Ja 245 The Story about the Root Discourse

In the present some brahmins learn from the Buddha, and then think they know all that he knows, but when he teaches a particularly deep discourse they cannot understand it. The Buddha tells a story of how in the past he had faced the same slight, and had asked questions of the pupils which they couldn’t answer.

1. Kālo ghasati bhūtāni sabbāneva sahattanā,
Yo ca kālaghaso bhūto, sa bhūtapacaniṁ pacī ti.

Times devours all beings including its very own self, that being who devours time, roasts the roaster of beings.

In this connection, time means the time before noon, and the time after noon, and so on like this.

Beings, this is a term for beings, Both words come from roots that mean being; bhūta from √bhū; satta from √as. time does not chew on them, having ripped off the skin and flesh and so on of beings, but wastes away their long life, good looks, and strength, trampling on youth, destroying health, it devours, chews on them, this is what is said. Thus devouring, it does not avoid anything, it devours it all.

But not merely beings, but including itself, it devours itself, and the time before noon does not reach the time after noon. This is the method for the time before noon and so on. This may have been proverbial.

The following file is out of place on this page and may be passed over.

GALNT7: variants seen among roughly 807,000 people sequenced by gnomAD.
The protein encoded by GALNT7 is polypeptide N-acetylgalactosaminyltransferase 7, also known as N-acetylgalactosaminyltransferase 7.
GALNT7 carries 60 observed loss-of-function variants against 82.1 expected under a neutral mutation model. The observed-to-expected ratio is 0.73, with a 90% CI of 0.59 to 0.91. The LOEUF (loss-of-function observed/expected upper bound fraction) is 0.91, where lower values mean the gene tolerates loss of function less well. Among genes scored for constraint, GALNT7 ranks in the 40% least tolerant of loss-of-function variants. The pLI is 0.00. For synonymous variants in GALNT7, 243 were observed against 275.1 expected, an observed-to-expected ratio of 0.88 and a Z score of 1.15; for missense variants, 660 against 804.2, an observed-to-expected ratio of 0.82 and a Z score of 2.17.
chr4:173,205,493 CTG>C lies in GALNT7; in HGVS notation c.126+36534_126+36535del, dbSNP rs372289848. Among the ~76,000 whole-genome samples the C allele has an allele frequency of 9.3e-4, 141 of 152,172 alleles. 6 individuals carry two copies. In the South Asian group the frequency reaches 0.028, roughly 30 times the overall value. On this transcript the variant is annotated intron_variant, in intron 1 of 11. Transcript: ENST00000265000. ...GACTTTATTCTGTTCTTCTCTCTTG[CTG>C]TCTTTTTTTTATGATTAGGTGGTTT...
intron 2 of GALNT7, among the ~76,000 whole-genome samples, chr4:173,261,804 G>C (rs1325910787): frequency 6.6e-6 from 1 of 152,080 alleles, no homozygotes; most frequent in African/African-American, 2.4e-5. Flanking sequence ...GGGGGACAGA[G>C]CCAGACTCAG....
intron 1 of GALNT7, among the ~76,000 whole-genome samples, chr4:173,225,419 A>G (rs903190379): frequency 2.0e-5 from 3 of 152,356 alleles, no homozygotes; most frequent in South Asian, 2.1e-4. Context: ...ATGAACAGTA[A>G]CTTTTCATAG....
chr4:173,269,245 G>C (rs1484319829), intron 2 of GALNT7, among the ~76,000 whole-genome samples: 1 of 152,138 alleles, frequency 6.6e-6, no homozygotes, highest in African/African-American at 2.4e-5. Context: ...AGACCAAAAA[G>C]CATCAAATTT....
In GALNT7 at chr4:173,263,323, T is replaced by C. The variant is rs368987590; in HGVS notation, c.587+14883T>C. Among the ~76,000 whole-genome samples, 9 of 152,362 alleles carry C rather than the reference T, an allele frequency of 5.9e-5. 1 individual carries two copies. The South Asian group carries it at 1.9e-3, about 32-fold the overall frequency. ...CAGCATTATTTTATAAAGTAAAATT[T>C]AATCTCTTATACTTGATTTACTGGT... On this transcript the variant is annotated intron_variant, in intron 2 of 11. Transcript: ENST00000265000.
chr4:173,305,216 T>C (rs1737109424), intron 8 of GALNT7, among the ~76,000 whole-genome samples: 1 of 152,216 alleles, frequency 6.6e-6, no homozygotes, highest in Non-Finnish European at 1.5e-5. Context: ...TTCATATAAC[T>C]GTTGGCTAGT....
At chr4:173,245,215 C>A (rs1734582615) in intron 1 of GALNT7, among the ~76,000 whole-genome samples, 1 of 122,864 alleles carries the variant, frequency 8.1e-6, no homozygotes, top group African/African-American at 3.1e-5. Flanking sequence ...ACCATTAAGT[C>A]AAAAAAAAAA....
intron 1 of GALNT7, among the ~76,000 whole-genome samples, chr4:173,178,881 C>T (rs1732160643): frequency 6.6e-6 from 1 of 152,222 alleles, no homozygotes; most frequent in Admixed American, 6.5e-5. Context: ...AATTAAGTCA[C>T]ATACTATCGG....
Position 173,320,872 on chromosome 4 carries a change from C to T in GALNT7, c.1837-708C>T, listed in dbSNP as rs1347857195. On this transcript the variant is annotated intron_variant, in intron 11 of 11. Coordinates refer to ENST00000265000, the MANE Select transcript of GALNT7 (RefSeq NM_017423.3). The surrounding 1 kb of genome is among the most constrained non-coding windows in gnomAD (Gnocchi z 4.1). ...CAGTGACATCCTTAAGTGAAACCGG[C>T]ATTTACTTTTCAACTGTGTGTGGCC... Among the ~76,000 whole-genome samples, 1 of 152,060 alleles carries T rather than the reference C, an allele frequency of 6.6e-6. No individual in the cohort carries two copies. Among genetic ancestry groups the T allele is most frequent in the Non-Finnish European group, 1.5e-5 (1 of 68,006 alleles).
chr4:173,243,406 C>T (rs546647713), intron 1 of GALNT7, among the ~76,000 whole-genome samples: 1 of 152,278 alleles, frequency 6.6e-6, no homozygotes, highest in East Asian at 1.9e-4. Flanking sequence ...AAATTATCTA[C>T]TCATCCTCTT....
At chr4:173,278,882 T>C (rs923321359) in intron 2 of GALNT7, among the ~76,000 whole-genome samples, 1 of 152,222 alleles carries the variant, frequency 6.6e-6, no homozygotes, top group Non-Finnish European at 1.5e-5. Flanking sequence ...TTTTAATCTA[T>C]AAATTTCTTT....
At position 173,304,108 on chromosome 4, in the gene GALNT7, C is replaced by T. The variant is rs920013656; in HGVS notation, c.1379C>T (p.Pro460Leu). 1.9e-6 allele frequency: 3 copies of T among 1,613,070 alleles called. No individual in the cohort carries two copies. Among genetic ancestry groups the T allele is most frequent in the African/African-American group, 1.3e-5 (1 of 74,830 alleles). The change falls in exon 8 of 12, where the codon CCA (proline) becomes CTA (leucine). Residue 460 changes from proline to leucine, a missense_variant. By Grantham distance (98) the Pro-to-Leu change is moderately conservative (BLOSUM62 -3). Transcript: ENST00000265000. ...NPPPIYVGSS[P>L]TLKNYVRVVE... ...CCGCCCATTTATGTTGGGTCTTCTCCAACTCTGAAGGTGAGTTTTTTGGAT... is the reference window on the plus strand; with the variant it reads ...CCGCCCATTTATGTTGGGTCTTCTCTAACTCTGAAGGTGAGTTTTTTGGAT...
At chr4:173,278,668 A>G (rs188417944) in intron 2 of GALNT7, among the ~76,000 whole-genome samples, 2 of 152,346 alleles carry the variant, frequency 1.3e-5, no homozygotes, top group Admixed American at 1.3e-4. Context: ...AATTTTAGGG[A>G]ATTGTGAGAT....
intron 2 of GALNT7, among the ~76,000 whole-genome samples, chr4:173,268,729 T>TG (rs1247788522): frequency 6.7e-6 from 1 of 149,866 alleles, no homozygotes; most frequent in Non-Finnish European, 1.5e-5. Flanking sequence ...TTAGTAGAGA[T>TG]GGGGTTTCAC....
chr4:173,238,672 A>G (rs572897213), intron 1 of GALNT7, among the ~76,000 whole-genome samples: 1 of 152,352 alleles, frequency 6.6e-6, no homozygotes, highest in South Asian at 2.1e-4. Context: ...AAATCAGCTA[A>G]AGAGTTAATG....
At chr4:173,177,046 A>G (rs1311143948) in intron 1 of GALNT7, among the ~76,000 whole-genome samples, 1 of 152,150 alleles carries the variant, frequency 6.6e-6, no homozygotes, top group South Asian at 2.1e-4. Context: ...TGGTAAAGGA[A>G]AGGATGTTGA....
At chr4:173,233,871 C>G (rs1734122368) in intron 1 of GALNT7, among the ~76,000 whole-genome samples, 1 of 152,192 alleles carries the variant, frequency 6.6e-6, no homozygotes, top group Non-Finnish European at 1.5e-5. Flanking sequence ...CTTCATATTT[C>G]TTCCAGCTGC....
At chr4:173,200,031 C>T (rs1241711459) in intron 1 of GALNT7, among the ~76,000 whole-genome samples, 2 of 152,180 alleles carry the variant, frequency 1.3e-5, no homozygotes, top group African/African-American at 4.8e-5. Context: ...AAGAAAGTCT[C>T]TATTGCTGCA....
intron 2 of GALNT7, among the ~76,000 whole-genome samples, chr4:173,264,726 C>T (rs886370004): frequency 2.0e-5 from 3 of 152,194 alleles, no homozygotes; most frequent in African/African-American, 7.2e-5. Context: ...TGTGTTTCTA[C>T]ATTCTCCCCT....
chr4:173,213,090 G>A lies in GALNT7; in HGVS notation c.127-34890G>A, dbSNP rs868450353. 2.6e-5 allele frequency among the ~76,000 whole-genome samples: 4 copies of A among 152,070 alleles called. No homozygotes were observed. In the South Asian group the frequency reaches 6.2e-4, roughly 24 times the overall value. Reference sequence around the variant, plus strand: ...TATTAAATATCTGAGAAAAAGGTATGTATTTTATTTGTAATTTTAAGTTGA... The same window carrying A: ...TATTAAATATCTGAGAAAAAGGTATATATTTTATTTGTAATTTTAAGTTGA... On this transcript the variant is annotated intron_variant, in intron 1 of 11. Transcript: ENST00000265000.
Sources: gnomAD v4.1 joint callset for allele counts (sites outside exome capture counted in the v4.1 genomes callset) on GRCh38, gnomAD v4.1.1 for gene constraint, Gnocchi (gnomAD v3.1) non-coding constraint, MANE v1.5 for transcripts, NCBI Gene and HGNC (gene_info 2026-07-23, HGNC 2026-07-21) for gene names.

That being who devours time this is a term for the one who has destroyed the pollutants. This would indicate that kālaghasa is equal to khīṇāsava, and may have been an alternative designation. Because of the relinking time in the future having been wasted away, chewed over by the noble path, there is stability, that being who devours time, is what is said.

He roasts the roaster of beings, this craving roasts the beings in the downfall, being roasted with the highest knowledge, it is burned to cinders, therefore: he roasts the roaster of beings is said.

Progenitor is also a reading, a producer, one who brings forth, this is the meaning. The translation would then have to be: (he) roasts the progenitor of beings, meaning craving.

2. Bahūni narasīsāni lomasāni brahāni ca,
Gīvāsu paṭimukkāni, kocid-evettha kaṇṇavā ti.

Many people have heads and hair growing on them, which are fastened on necks, and someone here has ears.

This is the meaning: many people are seen to have heads, and all of them have hair, they are all set up upon great necks, they are not taken by the hand like a palm-fruit, for them there is no difference with these things. But here someone who has ears is said referring to himself. Has ears means there is nothing for the wise one with an ear canal.